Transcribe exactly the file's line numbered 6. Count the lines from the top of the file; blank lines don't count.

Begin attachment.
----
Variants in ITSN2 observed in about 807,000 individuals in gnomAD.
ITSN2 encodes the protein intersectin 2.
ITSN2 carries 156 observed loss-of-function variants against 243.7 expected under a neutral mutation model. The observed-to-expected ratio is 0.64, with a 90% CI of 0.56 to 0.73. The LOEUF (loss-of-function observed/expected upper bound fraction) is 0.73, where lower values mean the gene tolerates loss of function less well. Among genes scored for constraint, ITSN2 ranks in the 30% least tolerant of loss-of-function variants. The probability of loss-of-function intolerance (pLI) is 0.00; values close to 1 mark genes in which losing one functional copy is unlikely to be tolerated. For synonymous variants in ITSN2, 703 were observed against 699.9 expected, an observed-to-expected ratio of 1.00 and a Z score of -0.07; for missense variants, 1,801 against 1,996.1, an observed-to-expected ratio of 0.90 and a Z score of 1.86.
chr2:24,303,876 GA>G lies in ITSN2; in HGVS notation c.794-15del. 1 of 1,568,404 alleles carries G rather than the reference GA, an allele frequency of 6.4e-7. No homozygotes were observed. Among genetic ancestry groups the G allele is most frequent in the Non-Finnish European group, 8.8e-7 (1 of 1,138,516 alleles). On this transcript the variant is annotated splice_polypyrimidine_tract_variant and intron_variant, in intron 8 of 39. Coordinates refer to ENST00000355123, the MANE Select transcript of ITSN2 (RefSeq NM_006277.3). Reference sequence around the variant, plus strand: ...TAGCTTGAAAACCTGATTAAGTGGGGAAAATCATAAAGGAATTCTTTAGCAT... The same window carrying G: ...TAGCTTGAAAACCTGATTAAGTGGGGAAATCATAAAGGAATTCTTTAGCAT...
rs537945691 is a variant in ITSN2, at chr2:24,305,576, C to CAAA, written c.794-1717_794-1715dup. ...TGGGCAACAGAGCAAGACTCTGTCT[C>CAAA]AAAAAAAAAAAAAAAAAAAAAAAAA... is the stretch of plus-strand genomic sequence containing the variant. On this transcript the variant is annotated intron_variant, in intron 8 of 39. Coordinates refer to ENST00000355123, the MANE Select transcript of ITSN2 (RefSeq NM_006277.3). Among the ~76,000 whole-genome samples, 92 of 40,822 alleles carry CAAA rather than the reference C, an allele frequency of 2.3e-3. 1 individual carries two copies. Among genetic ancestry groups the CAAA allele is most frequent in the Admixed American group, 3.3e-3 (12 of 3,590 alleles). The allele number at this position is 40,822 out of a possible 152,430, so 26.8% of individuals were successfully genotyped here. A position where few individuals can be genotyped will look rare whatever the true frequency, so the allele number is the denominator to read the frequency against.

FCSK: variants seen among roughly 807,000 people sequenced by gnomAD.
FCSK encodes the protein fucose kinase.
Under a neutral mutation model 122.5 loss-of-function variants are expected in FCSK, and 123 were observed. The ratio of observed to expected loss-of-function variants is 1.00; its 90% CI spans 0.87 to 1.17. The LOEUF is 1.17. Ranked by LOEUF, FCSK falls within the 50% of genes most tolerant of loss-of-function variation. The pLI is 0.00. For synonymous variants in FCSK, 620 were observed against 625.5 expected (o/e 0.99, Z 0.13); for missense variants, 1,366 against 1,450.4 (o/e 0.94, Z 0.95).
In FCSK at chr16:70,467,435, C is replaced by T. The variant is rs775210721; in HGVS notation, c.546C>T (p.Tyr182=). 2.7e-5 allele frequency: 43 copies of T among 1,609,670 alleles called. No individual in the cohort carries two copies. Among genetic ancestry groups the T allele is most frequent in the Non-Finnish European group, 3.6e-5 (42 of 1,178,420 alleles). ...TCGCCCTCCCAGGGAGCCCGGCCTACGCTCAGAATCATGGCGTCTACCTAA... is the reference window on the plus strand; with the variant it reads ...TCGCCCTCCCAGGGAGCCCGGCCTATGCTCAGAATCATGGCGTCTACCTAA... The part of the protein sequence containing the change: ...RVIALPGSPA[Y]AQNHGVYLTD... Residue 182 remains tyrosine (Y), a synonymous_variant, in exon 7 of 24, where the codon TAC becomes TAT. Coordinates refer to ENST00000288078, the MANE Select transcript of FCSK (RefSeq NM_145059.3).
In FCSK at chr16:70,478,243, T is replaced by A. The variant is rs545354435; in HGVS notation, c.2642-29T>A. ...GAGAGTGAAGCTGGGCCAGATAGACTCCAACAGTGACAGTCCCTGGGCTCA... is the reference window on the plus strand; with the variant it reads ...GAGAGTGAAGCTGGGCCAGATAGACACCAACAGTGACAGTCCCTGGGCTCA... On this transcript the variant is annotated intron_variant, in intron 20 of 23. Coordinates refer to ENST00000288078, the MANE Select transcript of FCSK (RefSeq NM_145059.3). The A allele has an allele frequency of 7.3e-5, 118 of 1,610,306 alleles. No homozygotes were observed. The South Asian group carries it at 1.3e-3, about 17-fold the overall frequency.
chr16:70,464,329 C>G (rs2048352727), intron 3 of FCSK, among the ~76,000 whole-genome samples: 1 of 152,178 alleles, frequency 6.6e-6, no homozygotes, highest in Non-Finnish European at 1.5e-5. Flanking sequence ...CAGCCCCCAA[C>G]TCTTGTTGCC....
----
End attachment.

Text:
FCSK: variants seen among roughly 807,000 people sequenced by gnomAD.